The group succeeded but Xerox management failed to understand any of it and so it never made the impact it deserved to. The boss of Parc was Bob Taylor who had previously been the projects manager at ARPA (the Pentagon's Advanced Research Projects Agency).
Although these days Parc gets most of the credit, much of what it did was based on work first done by Douglas Engelbart and paid for by ARPA. Engelbart invented the mouse and the interactive style of working in the late 50s. In 1968 Kay saw a demo of Engelbart's mice and other interactive devices - it was inspiration:
"We thought of Douglas as Moses opening the Red Sea. You know he was like a biblical prophet ... they were actually doing the kinds of things that people still dream of today... "
Today Engelbart is one of the almost-forgotten prophets.
Kay formed the Learning Resource Group at Parc and set about building his interim dynabook - the name he coined for his portable computer with everything.
There were a lot of very good computer scientists at Parc and Kay found himself surrounded by them. It is very difficult to sort out exactly what Kay did and how much he simply inspired others to try to meet his goals. Certainly in each area that Kay was involved in there are other able computer scientists whose names cannot be left out. In the invention of the Smalltalk language and system, Adele Goldberg figures large.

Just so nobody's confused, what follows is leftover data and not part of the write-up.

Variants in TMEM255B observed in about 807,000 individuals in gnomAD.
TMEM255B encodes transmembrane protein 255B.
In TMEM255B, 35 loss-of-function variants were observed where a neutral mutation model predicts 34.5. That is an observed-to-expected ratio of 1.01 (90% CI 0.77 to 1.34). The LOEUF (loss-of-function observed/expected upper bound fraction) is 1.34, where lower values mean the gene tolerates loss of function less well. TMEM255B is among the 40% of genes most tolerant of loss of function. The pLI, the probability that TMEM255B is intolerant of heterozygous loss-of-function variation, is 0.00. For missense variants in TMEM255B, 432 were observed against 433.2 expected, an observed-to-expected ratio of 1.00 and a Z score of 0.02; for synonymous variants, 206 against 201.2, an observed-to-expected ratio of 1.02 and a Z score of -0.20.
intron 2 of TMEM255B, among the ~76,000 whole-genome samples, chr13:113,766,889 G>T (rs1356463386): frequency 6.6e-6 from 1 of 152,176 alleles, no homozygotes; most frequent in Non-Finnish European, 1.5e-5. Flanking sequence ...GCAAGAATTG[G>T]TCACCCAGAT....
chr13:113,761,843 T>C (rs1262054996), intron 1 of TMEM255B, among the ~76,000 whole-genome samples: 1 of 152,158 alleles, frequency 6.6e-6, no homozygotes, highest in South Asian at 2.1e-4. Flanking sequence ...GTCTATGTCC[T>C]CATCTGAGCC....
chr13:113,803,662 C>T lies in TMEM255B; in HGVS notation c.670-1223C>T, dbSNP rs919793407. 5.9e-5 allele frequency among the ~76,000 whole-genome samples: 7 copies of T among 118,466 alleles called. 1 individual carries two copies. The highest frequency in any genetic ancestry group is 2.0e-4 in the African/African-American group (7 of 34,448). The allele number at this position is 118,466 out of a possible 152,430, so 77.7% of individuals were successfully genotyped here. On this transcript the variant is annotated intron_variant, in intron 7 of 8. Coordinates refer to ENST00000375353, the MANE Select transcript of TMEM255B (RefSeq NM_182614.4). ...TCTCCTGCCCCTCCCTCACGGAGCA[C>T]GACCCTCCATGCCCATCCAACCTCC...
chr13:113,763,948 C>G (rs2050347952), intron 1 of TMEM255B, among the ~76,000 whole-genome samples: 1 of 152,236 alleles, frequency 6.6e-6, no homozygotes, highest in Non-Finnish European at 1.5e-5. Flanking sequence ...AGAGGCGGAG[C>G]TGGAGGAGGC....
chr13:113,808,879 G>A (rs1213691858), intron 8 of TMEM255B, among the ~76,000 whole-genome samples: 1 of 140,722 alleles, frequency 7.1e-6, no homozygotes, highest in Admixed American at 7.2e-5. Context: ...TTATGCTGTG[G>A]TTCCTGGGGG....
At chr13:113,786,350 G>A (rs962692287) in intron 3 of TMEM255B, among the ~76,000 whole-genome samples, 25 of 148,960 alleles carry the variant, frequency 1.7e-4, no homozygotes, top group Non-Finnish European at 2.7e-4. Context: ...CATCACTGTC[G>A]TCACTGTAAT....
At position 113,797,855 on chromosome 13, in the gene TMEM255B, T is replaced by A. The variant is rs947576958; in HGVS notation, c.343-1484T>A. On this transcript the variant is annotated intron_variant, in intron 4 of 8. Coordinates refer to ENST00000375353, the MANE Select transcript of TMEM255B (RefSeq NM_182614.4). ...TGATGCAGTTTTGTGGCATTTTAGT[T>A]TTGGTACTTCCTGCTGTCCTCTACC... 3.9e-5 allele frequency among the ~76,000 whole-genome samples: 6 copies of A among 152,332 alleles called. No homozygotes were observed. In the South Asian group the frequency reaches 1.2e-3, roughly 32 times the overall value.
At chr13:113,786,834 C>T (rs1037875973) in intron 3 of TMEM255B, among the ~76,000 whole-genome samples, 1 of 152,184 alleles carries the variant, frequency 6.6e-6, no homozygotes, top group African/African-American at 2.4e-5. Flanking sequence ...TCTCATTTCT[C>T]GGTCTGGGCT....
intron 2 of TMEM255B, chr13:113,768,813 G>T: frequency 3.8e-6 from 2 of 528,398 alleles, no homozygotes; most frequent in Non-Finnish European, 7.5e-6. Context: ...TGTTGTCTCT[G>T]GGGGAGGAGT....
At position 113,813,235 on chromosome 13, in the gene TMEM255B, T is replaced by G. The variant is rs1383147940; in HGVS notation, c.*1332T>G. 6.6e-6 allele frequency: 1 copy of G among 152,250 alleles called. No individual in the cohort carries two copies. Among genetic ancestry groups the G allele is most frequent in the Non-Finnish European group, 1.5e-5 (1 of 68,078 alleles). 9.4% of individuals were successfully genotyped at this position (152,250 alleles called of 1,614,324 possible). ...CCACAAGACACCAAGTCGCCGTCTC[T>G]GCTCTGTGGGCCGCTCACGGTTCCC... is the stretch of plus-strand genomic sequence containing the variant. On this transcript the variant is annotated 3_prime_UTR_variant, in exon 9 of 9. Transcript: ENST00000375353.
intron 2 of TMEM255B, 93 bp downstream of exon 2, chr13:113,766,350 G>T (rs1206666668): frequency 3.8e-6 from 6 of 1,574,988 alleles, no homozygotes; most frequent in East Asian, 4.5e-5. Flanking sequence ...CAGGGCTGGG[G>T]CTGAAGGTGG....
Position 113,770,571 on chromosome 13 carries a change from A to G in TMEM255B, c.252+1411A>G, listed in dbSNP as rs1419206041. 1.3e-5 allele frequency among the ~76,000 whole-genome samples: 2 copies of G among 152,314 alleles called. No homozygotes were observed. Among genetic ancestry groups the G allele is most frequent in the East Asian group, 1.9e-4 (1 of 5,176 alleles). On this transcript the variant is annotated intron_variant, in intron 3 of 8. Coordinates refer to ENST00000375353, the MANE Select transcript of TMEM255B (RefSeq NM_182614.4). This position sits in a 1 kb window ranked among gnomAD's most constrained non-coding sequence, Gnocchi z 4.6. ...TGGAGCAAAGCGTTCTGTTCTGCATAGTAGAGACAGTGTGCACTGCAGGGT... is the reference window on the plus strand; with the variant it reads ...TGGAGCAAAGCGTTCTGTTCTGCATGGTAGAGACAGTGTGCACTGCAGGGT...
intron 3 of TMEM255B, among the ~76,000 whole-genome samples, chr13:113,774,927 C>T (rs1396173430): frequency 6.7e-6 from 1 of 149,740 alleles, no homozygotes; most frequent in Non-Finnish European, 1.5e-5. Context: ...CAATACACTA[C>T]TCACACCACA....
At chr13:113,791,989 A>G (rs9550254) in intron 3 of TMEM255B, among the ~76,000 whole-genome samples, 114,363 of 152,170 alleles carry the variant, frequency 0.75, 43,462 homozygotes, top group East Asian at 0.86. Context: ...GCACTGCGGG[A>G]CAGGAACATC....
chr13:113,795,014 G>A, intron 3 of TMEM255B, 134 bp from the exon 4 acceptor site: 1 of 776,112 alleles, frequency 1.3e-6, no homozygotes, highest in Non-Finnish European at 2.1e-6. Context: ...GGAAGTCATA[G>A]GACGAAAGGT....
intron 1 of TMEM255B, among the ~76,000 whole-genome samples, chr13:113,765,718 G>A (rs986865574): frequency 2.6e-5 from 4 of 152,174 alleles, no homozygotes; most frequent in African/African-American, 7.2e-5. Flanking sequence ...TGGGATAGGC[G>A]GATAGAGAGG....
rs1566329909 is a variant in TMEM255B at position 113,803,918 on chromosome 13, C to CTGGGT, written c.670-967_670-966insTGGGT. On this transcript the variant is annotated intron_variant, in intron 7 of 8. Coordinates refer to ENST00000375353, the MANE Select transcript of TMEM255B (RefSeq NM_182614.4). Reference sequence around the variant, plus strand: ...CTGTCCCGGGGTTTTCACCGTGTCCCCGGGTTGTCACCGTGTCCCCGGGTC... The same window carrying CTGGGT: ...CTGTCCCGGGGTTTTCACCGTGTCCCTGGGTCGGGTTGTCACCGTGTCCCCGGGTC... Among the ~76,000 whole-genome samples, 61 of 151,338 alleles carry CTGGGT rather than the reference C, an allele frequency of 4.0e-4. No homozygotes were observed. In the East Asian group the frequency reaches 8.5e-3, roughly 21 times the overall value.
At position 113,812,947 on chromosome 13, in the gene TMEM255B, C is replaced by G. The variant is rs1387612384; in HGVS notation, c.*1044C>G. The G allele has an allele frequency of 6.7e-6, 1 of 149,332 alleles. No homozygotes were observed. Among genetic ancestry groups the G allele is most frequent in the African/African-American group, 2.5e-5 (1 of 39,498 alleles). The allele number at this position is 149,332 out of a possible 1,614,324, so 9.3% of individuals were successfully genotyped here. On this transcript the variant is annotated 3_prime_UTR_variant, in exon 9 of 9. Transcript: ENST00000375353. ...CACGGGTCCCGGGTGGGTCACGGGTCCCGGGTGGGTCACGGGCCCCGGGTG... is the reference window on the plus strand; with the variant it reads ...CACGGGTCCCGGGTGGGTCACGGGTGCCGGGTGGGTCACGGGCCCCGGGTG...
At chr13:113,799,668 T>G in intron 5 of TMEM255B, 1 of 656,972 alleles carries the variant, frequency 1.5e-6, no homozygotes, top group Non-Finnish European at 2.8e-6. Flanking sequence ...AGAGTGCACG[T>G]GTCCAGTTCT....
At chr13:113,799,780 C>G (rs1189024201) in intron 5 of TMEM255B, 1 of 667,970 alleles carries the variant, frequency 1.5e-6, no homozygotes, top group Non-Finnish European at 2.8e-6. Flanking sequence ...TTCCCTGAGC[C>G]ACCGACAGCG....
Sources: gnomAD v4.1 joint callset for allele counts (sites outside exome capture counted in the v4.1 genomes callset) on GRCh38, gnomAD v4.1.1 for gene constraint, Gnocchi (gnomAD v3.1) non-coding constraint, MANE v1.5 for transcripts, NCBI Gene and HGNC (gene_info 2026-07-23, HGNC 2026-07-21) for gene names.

Adele Goldberg, born 1945
In the creation of the hardware - the Alto - Charles Thacker and others take the credit. Even the design of the Alto's software was carried out by Butler Lampson and others. What Kay did do was to take Smalltalk to the classroom and see how it worked with children - the Smalltalk kids.
Clearly the key idea was the Dynabook, a tablet like PC with nearly eternal battery life and software aimed at giving children access to digital media and facilitating education and learning and the importance of interface and quality.
In this respect Kay was playing the same role that Steve Jobs did in Apple. He even mocked up a dynabook complete with clay weights to see what it would feel like in an attention to cosmetic detail very similar to Job's concern over the Apple II and the Mac's appearance.
From today's perspective the overall dynabook concept looks misguided.
For example, one of Kay's principles was that whatever the Dynabook did it should always improve on the equivalent process involving paper. A machine that behaves like intelligent paper is a good interim product - it gives you drawing and painting programs and the spreadsheet (which surprisingly Parc did not invent) but it isn't exactly futuristic. It's a bit like saying that all modes of transport should be like walking - true at a very early stage of development but very limiting.
The parallels between Parc and Apple are even more pronounced than Kay's attention to cosmetic detail. The whole outfit was run in a very relaxed and semi-anarchic manner - something that the Xerox management found difficult to understand. It was very much like an academic Apple with no responsibility to produce real products. In 1987 Alan Kay, Adele Goldberg and Dan Ingalls won the ACM Software Systems Award for the Smalltalk project.
|Last Updated ( Monday, 17 August 2015 )|